Between withdrawing from the Paris climate agreement to sky-high temperatures in the southwest – hot enough to keep planes grounded in Phoenix – climate change is dominating the headlines recently. And as state and local governments throughout the U.S. start to develop new strategies to deal with the effects of climate change, one angle remains relatively under-discussed: how the climate changing can affect our health.
The truth is that, while climates have shifted multiple times throughout the earth's history, these shifts often have less-than-optimal effects on the species living on Earth at the time. Unfortunately, we're no exception. Read on to learn about how climate change might affect your health, and how to do your part to fight it.
One of the most direct risks of an ever-heating planet is a greater chance of developing heat-related illness. Heat illness develops when your body’s natural temperature controls, like sweating, can’t cool you fast enough. The excess heat means the enzymes that make your tissues function properly aren’t able to function as efficiently – and, in extreme cases, the heat can make your tissues shut down.
Rising temps, not surprisingly, mean more intense and sustained heat waves that increase your risk of heat-related illness. And high rates of cardiovascular disease and obesity – two risk factors for heat illness – among Americans mean those in the U.S. may be particularly at risk.
Greater Transmission of Infectious Diseases
Changes in the climate mean changes in local ecosystems around the world – and some of those changes can have dangerous consequences when it comes to the rate of infectious disease. Warmer-than-average winters, for instance, mean higher rates of mosquito breeding and survival, notes the World Health Organization (WHO). And because mosquitos can carry dangerous infections, including malaria and the zika virus, better survival also means more opportunity to spread disease.
Climate change-induced changes to forests can mean forest-dwelling bugs like ticks can survive in new areas, bringing with them higher rates of lyme disease. And projected changes in population distribution causing urban crowding could up the risk of cholera, reports WHO.
Higher Rates of Cancer
You probably don’t think of cancer as linked to climate change, but effects of extreme weather patterns may increase your cancer risk, explains the National Institute of Environmental Health Sciences. Heavy rainfall and flooding can increase your exposure to carcinogenic compounds, and higher temps mean that more of those chemicals can evaporate into the air – and make their way into your lungs.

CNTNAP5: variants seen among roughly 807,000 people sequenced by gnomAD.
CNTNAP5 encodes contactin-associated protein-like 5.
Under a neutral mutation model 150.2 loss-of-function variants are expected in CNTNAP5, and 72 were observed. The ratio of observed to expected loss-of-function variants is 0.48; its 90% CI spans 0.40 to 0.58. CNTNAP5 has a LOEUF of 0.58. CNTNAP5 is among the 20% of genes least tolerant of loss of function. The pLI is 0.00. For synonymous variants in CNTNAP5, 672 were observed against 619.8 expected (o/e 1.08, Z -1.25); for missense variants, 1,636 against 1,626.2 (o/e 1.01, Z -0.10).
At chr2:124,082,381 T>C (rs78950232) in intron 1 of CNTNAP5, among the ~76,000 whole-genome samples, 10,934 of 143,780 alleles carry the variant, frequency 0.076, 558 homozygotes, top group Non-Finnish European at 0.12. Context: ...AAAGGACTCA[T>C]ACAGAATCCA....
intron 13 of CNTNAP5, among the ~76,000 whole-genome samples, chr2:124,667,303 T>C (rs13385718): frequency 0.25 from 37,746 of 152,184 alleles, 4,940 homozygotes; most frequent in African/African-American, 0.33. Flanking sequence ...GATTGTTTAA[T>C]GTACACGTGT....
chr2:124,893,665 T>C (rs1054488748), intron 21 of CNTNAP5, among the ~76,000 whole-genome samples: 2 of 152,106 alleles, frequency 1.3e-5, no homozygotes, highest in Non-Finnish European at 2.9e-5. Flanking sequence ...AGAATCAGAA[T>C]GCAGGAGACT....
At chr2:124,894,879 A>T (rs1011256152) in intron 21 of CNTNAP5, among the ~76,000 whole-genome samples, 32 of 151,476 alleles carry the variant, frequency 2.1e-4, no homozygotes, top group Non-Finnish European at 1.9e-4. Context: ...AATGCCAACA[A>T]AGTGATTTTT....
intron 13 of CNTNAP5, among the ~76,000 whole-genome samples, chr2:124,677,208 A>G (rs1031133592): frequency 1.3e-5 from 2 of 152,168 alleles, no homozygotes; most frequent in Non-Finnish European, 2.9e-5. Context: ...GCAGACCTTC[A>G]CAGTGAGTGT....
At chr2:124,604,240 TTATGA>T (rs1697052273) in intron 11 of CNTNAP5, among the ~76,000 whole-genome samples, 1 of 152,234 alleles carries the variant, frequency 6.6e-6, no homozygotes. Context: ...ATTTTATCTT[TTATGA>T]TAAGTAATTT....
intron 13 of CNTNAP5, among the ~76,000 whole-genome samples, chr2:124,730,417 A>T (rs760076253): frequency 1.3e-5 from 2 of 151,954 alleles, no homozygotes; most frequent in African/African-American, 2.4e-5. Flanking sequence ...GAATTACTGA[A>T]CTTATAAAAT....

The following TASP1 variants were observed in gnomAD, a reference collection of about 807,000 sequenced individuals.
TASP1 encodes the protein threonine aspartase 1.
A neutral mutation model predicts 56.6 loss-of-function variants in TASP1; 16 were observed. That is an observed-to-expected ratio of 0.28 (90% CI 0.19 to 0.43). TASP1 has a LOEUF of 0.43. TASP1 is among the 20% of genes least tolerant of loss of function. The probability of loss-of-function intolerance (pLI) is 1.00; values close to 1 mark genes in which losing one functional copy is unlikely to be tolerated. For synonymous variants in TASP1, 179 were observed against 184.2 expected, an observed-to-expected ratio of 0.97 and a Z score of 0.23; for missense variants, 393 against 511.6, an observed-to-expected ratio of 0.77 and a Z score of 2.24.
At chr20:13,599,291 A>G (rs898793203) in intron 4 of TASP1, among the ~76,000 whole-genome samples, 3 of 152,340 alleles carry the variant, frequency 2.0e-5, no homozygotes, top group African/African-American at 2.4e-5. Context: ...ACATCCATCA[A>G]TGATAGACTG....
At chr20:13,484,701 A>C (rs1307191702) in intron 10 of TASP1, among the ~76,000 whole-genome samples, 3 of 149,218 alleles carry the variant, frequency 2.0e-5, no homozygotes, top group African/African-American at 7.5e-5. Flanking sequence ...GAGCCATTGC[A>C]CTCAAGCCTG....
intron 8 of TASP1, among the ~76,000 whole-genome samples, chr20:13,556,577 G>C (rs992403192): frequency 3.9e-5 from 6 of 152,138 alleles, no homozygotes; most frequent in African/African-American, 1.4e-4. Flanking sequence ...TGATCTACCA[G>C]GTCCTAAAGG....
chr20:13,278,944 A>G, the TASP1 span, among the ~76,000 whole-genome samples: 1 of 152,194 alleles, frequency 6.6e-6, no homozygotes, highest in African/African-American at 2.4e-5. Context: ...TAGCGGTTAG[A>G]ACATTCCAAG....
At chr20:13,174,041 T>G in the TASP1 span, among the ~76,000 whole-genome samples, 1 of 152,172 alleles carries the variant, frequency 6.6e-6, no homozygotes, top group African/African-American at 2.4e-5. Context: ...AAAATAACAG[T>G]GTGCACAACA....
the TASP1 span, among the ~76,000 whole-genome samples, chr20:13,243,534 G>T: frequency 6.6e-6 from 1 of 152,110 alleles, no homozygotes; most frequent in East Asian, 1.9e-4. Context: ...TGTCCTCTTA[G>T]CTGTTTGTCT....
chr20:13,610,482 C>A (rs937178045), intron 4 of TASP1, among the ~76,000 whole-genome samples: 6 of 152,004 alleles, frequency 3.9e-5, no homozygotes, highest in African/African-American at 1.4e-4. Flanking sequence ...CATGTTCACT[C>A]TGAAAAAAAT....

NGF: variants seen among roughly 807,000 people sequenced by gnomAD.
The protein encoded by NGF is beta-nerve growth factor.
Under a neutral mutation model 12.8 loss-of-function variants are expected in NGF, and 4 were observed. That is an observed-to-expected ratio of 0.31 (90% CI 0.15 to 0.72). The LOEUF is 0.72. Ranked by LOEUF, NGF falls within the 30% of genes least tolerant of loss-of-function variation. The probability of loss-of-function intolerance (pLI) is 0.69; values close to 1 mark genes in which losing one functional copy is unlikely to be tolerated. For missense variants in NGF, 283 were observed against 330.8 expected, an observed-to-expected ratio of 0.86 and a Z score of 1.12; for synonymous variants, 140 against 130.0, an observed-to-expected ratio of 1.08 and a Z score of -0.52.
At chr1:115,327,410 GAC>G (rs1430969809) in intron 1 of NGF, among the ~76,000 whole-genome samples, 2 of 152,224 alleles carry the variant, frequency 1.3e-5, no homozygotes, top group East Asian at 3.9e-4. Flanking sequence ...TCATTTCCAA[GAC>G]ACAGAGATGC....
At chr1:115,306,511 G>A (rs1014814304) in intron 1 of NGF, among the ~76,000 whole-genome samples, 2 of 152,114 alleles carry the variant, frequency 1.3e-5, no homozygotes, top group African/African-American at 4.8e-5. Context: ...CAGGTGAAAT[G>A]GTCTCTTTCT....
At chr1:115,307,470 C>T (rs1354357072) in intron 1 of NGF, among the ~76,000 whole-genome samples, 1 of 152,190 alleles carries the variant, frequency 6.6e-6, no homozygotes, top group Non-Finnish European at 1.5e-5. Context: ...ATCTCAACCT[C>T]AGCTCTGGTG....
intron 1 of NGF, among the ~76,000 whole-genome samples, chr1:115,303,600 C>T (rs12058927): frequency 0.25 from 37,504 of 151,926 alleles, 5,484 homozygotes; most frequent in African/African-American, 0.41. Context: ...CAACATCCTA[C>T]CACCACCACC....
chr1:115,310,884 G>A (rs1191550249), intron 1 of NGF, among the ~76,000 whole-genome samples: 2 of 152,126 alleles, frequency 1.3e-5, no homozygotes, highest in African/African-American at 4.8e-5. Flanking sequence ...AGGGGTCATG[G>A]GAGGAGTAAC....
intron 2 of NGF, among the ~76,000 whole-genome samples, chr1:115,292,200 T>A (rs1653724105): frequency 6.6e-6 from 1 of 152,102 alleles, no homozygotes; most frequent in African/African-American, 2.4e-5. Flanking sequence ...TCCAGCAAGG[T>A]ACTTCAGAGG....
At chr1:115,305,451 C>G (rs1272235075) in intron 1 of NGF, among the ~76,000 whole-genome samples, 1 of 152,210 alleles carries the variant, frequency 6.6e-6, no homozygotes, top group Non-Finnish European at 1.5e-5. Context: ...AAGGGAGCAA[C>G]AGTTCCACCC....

Higher levels of air pollution increase your cancer risk, as well, while stronger ultraviolet rays from the depletion of the ozone layer could increase your risk of sun exposure-related cancers, like skin cancer.
Dangerous Extreme Weather Events
You’ve probably already noticed an increase in extreme weather events – whether they’re storm surges on coastal cities or deadlier-than-average tornado seasons. Extreme weather events pose a major public health risk, since they can both directly injure or kill people, but also cripple infrastructure needed to deliver health care. The National Institute of Environmental Health Sciences also notes that climate change contributes to droughts, which can impact our food supply.
Combating Climate Change at Home
Climate change is a global problem that requires a multi-tiered solution – but you can do your share by reducing your carbon footprint at home. Follow the three R’s – reduce, reuse and recycle – and opt for energy-efficient appliances whenever you can. Organize locally to keep your community clean and green – that could be as simple as participating in a park clean-up or petitioning your local government to add water fountains to busy areas to reduce the need for bottled water. And contact your state and federal representatives to make sure they know combating climate change is important to you, so they can fight for environmentally friendly legislation to help the planet.
About the Author
Sylvie Tremblay holds a Master of Science in molecular and cellular biology and has years of experience as a cancer researcher and neuroscientist. Before launching her writing business, she worked as a TA and tutored students in biology, chemistry, math and physics.